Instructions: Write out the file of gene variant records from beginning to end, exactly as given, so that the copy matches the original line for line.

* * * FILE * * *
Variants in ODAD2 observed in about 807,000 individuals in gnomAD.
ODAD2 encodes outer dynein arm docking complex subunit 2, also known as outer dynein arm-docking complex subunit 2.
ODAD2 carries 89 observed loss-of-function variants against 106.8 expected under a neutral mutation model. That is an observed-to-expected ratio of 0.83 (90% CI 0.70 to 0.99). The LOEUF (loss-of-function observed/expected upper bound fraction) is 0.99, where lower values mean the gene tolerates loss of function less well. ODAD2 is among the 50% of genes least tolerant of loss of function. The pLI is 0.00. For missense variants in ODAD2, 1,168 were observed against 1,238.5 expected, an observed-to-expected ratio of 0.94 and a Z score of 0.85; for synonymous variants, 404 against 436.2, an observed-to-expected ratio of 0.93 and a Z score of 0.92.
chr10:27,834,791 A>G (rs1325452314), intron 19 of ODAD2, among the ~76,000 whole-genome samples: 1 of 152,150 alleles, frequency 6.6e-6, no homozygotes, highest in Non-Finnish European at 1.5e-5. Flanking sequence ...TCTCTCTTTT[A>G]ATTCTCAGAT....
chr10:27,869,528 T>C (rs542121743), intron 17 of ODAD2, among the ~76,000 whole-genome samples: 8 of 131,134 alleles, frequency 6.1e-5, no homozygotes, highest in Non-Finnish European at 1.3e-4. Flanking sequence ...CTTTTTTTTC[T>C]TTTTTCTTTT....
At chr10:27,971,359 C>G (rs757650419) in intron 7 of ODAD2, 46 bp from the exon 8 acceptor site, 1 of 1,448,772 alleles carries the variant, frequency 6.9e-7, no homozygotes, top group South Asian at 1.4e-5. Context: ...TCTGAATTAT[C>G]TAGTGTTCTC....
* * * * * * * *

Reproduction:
Variants in ODAD2 observed in about 807,000 individuals in gnomAD.
ODAD2 encodes outer dynein arm docking complex subunit 2, also known as outer dynein arm-docking complex subunit 2.
ODAD2 carries 89 observed loss-of-function variants against 106.8 expected under a neutral mutation model. That is an observed-to-expected ratio of 0.83 (90% CI 0.70 to 0.99). The LOEUF (loss-of-function observed/expected upper bound fraction) is 0.99, where lower values mean the gene tolerates loss of function less well. ODAD2 is among the 50% of genes least tolerant of loss of function. The pLI is 0.00. For missense variants in ODAD2, 1,168 were observed against 1,238.5 expected, an observed-to-expected ratio of 0.94 and a Z score of 0.85; for synonymous variants, 404 against 436.2, an observed-to-expected ratio of 0.93 and a Z score of 0.92.
chr10:27,834,791 A>G (rs1325452314), intron 19 of ODAD2, among the ~76,000 whole-genome samples: 1 of 152,150 alleles, frequency 6.6e-6, no homozygotes, highest in Non-Finnish European at 1.5e-5. Flanking sequence ...TCTCTCTTTT[A>G]ATTCTCAGAT....
chr10:27,869,528 T>C (rs542121743), intron 17 of ODAD2, among the ~76,000 whole-genome samples: 8 of 131,134 alleles, frequency 6.1e-5, no homozygotes, highest in Non-Finnish European at 1.3e-4. Flanking sequence ...CTTTTTTTTC[T>C]TTTTTCTTTT....
At chr10:27,971,359 C>G (rs757650419) in intron 7 of ODAD2, 46 bp from the exon 8 acceptor site, 1 of 1,448,772 alleles carries the variant, frequency 6.9e-7, no homozygotes, top group South Asian at 1.4e-5. Context: ...TCTGAATTAT[C>G]TAGTGTTCTC....